Helsinki Halli

(Redirected from Hartwall Arena)

Helsinki Halli (formerly Hartwall Arena) is a large multi-functional indoor arena located in Helsinki, Finland. It was opened in April 1997. The arena is convertible for various events. The total seated capacity during ice hockey games is 13,349 (about 14,000 for basketball, for concerts up to 15,000) and as an amphitheatre, it is significantly reduced to between 3,000 to 5,000.

Helsinki Halli
Helsingin areena, Helsingforsarenan
Helsinki Arena March 2022.jpg
Former namesHartwall Areena (1997–2014)
Hartwall Arena (2014–2022)
AddressAreenankuja 1, Helsinki
LocationHelsinki, Finland
Coordinates60°12′20.66″N 24°55′44.03″E / 60.2057389°N 24.9288972°E / 60.2057389; 24.9288972Coordinates: 60°12′20.66″N 24°55′44.03″E / 60.2057389°N 24.9288972°E / 60.2057389; 24.9288972
OwnerArena Events Oy (Roman Rotenberg, Gennady Timchenko, et al.)
Capacity14,000 (basketball)
13,349 (ice hockey)
7,500–15,000 (concerts)
3,000–5,000 (amphitheater)
SurfaceVersatile
Construction
Broke ground2 April 1996
Opened19 April 1997
Renovated2015
Construction cost300,000,000 mk
(69,000,000 in 2018 euros)
ArchitectSCI Architects
Project managerHarry Harkimo
Main contractorsSkanska
Tenants
Jokerit (1997–present)

The Russian-owned arena has been unused since March 2022 due to EU sanctions related to the Russian invasion of Ukraine. The main sponsor, Hartwall, also ended its sponsorship and the arena's name was changed.[1]

Construction and facilitiesEdit

The initiative for building the arena came from Harry "Hjallis" Harkimo in 1994. It was built to be ready for the Ice Hockey World Championships in 1997, and was delivered by the constructor on 11 April 1997. The building is elliptical, 153 metres long and 123 metres wide. It also has a practice arena 37 metres underground, used by many hockey teams. It is connected to a multi-storey carpark, which has a total capacity of 1,421 vehicles.

The arena is situated next to Pasila railway station, which is the second busiest railway station in Finland, 3.5 km north of the Helsinki Central railway station.

Other and former namesEdit

 
Hartwall Areena in 2013.

The national broadcaster Yle calls the arena "Helsingin areena" or "Helsingforsarenan" ("The Helsinki Arena" in Finnish and Swedish). The newspaper Helsingin Sanomat calls it "Helsinki-areena".

It was branded as "Hartwall Areena" from its opening until 2014, and as "Hartwall Arena" thereafter until 2 March 2022.[2] The beverage company Hartwall, also based in Helsinki, was its largest sponsor, and thus got the naming rights.[3] Hartwall ended its sponsorship in March 2022, to avoid association with the Russian main owners of the arena, Roman Rotenberg and Gennady Timchenko,[4] in the wake of the 2022 Russian invasion of Ukraine.[3]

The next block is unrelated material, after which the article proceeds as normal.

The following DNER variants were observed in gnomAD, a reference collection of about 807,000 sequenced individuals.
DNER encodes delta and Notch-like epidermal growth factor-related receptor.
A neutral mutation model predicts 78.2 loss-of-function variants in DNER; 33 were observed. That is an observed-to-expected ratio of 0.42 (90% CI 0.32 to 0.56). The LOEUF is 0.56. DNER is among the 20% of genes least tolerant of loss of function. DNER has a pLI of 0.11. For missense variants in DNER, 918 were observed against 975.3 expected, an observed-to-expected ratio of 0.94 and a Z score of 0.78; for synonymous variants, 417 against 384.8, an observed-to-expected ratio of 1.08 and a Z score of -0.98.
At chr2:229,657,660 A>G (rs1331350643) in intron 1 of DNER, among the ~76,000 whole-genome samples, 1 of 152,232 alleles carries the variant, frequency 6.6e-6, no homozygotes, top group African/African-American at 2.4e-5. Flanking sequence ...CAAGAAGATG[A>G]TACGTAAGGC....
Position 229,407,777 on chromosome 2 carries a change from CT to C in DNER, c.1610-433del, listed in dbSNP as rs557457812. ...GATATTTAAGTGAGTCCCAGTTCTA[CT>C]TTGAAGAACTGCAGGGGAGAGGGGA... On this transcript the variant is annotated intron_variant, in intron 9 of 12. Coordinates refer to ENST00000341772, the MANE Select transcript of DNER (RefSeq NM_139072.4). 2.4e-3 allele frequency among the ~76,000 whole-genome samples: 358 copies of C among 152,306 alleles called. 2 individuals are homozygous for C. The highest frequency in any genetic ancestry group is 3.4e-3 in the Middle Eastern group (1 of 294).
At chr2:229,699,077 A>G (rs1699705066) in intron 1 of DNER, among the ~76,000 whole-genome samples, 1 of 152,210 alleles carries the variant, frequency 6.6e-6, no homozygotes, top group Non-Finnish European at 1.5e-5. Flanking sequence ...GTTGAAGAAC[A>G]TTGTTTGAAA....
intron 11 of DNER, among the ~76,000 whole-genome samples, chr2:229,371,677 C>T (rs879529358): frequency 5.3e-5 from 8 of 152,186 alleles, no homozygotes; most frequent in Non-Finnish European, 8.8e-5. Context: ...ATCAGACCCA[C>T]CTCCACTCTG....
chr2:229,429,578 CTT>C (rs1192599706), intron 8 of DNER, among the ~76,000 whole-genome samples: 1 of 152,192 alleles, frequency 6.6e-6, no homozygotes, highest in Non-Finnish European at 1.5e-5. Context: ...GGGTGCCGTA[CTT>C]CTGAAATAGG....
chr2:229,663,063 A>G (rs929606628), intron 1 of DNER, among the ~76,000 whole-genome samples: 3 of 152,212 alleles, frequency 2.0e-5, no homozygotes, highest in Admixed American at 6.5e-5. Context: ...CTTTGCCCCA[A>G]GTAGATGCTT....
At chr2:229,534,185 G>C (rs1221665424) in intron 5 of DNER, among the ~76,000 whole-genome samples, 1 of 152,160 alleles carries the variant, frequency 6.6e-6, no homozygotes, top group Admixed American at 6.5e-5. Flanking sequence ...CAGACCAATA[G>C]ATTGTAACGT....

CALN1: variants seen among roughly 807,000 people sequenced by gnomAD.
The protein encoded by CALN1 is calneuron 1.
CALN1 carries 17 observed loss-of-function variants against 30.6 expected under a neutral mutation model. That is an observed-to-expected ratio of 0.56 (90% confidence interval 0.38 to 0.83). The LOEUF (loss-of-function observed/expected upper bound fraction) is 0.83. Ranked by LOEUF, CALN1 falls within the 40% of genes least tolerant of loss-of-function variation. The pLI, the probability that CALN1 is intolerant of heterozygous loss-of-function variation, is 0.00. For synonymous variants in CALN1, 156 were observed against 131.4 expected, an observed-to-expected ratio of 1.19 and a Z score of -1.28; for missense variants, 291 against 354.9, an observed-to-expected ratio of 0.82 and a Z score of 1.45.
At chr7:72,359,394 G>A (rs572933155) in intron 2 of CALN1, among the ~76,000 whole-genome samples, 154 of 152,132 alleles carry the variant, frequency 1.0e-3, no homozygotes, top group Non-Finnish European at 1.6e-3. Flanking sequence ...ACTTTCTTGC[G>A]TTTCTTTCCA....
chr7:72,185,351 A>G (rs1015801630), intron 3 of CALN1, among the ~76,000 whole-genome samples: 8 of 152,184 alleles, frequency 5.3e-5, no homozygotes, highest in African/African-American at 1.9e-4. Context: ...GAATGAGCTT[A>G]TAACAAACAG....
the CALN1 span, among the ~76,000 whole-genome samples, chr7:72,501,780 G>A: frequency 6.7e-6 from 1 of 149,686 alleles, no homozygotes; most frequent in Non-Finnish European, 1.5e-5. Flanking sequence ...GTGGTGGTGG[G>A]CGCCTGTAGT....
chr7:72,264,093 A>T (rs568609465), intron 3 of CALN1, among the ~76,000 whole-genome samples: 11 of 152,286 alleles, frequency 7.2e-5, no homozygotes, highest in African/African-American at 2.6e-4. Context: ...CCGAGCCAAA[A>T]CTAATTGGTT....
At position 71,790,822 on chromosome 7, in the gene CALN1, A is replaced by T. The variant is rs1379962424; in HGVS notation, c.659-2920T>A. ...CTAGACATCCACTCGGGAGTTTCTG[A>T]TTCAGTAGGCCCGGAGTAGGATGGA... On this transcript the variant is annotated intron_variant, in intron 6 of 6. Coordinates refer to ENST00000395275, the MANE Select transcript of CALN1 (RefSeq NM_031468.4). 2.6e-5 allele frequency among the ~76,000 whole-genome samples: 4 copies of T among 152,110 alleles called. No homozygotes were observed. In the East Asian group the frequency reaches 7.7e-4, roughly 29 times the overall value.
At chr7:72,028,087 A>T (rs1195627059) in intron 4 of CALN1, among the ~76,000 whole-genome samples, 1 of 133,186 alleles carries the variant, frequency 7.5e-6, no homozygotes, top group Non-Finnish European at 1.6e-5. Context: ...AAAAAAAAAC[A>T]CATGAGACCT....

EventsEdit

EntertainmentEdit

SportsEdit

 
Hartwall Arena from inside during an ice hockey game

The arena is the home venue of the ice hockey team Jokerit.

The arena has also been used for Ice Hockey World Championships, World Figure Skating Championships, NHL Challenge, and World Cup of Hockey. On October 2nd 2009, the NHL opened its season in the arena with a matchup between the Chicago Blackhawks and the Florida Panthers, making it the first NHL game to be held in Finland. In May 2011, the arena served as the main venue of the 2012 IIHF World Championship. It hosted all Group A games and quarterfinals, all semifinals and the bronze and gold medal games. Group B games and quarterfinals were hosted in Ericsson Globe, Stockholm. It also co-hosted the 2013 IIHF World Championship with Ericsson Globe, but in 2013 all games after quarterfinals were played in Stockholm.

The arena was one of the host venues of the 2016 World Junior Ice Hockey Championships. Its assignment included hosting the gold-medal game, in which Kasperi Kapanen scored an Overtime goal to win Gold for Finland on home ice.

One of the group stages of EuroBasket 2017, was also played at the arena.

The arena hosted two 2018–19 regular season NHL games between the Winnipeg Jets and Florida Panthers on Thursday, 1 November 2018 and Friday, 2 November 2018 as part of the 2018 NHL Global Series.[5]

See alsoEdit

ReferencesEdit

  1. ^ Palkoaho, Milla (25 August 2022). "Julkisuutta kaihtava sijoittaja haluaa palauttaa Jokerit "Hartwall-areenalle" – Paavo Arhinmäki selittää vaikeaa haastetta". Helsingin Sanomat (in Finnish). Retrieved 15 September 2022.
  2. ^ Tuominen, Antti (14 August 2014). "Helsinki Areena uudistuu: sponsorinimestä katosi kirjain, katsomo sai jättinäytön" (in Finnish). Yle. Retrieved 6 March 2022.
  3. ^ a b Hyyppä, Emma; Niemeläinen, Jonne (2 March 2022). "Hartwall Arenan nimikyltit otettiin pois Helsingin areenasta – katso kuvat ja video historiallisesta hetkestä" (in Finnish). Yle. Retrieved 6 March 2022.
  4. ^ Vuorikoski, Salla; Pietiläinen, Tuomo (2 March 2022). "Hartwall-areenasta tuli Helsinki-halli, kun sen omistajat olivat lopulta Hartwallille liikaa – OP on pyörittänyt oligarkkien hallin pankkipalveluita" (in Finnish). Helsingin Sanomat. Retrieved 6 March 2022.
  5. ^ Bell, Jason (6 March 2018). "Jets, Panthers to play in Finland on Nov. 1, 2". Winnipeg Free Press. Retrieved 6 March 2022.

External linksEdit

  Media related to Hartwall Arena at Wikimedia Commons

Events and tenants
Preceded by Jokerit
Home arena

1997–present
Succeeded by
Current
Preceded by Eurovision Song Contest
Venue

2007
Succeeded by